The PeopleMover

Imagine. Whisked into the sky via a futuristic speed ramp, you’re standing on the second level of Tomorrowland, watching the people meander below. Ahead of you, the line never seems to slow as the individual pods of the PeopleMover train pass from the station rhythmically, their canopies lowering in perfect tempo as they do.

Once on board, the door to your PeopleMover car slides closed, the train inching from the station as people board the segments behind you. Without warning, the car in front of you accelerates away, disappearing down the stretch of track. You happened to have been placed in the first car of a new train segment, watching the segment before gliding away – farther and farther down the path – you know you’re next. But still, you inch from the station, further and further. Then, it happens. Passing over an embedded tire, the train suddenly is propelled forward to a brisk 7 miles per hour, accelerating down the straightaway through the center of the land’s entry.

To your left and right are the two mirror show buildings housing Adventure Thru Inner Space and Circle-Vision 360, respectively. Their façades are adorned with two complimentary murals designed by Mary Blair, the legendary artist responsible for the signature style of “it’s a small world” and its pop-up exterior. While Blair’s style may seem inappropriate for Tomorrowland, the murals are perfect for the New Tomorrowland.

PeopleMover Mural

The north mural shows children from different nations dancing and singing, with textured ribbons overhead representing global communication hovering over a united world. Overhead, communication satellites orbit in the sky.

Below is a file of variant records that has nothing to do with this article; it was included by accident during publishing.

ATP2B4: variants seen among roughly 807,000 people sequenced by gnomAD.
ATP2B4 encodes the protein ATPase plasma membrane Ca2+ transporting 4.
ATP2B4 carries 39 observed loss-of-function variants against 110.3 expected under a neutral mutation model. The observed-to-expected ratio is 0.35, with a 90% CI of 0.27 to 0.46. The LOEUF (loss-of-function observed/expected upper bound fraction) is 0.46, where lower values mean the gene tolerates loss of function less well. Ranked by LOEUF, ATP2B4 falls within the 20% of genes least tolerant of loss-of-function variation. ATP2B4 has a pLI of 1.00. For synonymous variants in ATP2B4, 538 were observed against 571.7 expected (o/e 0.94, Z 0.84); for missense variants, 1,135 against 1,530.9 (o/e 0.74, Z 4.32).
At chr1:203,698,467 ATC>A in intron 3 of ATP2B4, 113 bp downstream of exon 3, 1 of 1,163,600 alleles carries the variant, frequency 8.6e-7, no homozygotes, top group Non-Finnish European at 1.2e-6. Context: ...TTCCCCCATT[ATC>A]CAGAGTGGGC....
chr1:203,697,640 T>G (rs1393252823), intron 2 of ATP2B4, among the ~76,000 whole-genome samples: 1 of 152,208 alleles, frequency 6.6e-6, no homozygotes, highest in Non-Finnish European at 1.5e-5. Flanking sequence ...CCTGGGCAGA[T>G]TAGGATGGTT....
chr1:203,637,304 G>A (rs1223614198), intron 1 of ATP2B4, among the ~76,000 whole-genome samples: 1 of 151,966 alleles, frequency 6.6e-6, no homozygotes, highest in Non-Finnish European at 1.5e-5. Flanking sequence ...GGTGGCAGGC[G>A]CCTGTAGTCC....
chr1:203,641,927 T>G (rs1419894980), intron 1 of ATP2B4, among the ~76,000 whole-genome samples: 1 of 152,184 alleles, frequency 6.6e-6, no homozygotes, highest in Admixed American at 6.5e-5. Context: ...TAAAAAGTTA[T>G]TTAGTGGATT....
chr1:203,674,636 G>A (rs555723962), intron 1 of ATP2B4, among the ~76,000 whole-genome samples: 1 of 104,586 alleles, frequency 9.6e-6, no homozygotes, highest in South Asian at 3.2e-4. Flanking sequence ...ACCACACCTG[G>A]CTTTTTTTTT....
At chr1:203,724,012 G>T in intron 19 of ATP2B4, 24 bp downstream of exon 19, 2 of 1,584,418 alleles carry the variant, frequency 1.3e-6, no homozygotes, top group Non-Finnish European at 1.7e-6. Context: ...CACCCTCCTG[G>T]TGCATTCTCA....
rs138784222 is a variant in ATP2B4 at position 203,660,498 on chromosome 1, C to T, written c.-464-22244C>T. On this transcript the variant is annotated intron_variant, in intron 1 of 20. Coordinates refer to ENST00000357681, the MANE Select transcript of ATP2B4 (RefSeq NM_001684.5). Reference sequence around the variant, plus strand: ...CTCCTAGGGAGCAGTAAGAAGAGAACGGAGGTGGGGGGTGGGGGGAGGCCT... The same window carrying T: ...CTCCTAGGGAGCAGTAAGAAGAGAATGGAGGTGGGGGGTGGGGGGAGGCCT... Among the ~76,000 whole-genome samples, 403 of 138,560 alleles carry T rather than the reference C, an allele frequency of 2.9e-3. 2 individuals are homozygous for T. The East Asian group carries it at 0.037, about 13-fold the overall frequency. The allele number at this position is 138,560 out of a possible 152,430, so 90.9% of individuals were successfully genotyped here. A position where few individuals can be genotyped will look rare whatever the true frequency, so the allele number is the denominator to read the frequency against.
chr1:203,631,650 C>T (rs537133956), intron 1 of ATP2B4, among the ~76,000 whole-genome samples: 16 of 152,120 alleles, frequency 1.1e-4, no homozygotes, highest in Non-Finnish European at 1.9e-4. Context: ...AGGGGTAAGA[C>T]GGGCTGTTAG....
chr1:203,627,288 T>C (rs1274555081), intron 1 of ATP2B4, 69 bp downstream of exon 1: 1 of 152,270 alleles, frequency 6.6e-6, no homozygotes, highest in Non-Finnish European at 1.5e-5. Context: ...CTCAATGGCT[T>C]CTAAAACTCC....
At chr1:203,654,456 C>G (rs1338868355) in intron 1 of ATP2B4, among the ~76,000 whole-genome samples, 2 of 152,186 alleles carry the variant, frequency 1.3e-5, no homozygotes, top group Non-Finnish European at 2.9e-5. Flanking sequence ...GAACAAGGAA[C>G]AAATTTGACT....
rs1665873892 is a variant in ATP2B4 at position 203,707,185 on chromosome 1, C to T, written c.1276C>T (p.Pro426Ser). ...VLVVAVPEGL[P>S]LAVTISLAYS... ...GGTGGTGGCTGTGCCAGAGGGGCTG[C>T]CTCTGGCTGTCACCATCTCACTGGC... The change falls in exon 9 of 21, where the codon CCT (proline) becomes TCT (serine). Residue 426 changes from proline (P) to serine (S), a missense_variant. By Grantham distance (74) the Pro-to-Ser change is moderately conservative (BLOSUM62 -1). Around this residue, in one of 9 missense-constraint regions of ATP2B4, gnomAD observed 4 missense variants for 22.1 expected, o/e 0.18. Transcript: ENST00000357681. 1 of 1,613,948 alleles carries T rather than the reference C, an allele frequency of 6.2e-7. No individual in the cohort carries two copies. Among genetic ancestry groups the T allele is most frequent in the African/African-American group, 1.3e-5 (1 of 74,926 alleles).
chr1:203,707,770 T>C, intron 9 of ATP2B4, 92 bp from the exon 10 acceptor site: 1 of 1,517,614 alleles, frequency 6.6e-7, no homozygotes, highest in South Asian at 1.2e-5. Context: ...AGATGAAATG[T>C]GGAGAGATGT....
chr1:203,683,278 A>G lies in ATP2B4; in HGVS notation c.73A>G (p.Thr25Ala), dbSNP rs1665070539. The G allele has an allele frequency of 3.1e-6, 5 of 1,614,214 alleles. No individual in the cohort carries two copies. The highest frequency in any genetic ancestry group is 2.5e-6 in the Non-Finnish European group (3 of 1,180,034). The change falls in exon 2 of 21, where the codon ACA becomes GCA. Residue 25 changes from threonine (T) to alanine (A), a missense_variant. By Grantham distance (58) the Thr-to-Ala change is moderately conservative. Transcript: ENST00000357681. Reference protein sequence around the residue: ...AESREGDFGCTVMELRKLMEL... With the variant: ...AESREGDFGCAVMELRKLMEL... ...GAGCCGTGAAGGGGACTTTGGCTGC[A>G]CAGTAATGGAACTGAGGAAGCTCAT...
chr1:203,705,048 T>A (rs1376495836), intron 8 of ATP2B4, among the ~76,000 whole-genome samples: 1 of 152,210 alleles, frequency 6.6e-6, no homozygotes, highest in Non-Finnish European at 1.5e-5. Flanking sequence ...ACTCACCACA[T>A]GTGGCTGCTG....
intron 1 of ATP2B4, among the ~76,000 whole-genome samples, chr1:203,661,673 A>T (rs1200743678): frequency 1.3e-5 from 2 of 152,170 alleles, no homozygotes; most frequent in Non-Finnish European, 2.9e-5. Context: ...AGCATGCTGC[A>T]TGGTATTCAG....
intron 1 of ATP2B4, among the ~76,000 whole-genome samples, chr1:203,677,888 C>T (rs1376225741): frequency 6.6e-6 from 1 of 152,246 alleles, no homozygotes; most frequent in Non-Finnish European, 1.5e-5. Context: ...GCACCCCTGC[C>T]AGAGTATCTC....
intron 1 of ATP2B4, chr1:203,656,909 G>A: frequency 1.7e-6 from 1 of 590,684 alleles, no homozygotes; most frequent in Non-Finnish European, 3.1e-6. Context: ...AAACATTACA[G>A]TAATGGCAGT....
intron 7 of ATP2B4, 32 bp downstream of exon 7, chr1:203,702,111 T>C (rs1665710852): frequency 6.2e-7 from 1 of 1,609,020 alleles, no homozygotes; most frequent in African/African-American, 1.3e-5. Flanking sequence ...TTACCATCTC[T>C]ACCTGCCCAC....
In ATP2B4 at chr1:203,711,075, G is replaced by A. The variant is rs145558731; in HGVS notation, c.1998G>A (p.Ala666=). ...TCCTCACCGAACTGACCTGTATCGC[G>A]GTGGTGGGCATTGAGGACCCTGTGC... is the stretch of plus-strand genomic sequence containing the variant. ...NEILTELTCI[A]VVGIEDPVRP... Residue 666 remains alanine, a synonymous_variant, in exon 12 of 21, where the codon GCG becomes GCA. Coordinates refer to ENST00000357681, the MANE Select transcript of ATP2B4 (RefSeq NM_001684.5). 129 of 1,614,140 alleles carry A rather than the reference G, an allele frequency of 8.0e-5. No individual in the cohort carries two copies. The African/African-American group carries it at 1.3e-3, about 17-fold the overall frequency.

The south mural is focused not on communication, but energy – solar, wind, fire, and water-power are embedded into the international mural. Both murals together are entitled “The Spirit of Creative Energies Among Children,” and perfectly encapsulate the optimism of the future as envisioned by this World on the Move. Each of the murals is 54 feet long, and the second-story PeopleMover provides the best vantage point.

Into the future

As the PeopleMover presses past the show-buildings and reaches the edge of Tomorrowland, you’re provided a priceless view of Sleeping Beauty Castle and the park’s Hub. There, the track bends to the left and enters into the showbuilding belonging to another celebrated Lost Legend: Adventure Thru Inner Space, with a cutout in the wall looking down on guests queuing below. The graceful trains glide past the Mighty Microscope and the unusual Omnimover cars that pass continuously into it, reappearing at the microscopes other end mere inches tall! (By 1986, this view would be replaced with a look down into the queue of another Lost Legend: Star Tours, which re-used much of Inner Space’s infrastructure.)

Exiting from the Inner Space building, the PeopleMover would open into a view of the outdoor Tomorrowland Stage where live performances are presented. A decade after New Tomorrowland opened, this corner of the park became dominated by Space Mountain, which the PeopleMover was re-routed to pass through. As the trains glided gently through the stars, guests would provided with a unique view of Space Mountain – the perfect tease for youngsters or those who wouldn’t want to tackle the coaster’s thrills.

Now, the PeopleMover trains exit from Space Mountain, they pass into the Carousel of Progress. But rather than looking into the show, the train encircles the second story of the showbuilding, which is home to Walt Disney’s model for EPCOT – the city, not the park. The train passes around the circumference of the circular building providing exceptional views of the massive model, which is also available for foot traffic by those exiting the Carousel of Progress show.

From there, the ride arches over the Skyway buckets, speeds above the Autopia and presses forward to glide above the Submarine Lagoon. Here, subs dive beneath the waves as Monorails pass right alongside the PeopleMover track, the two futuristic mass transit systems coming within inches of each other. The train twists and turns over the lagoon and through the woods of the Autopia.

PeopleMover and submarines

Finally, the trains move through the Circle-Vision theater providing views of its colorful waiting area before re-emerging near the castle and sharply turning left, back to the central straightaway with the Rocket Jets looming overhead. The 16-minute PeopleMover is a breathtaking, gentle, sightseeing tour that’s built into the futuristic land and adds tremendous to the kinetic energy.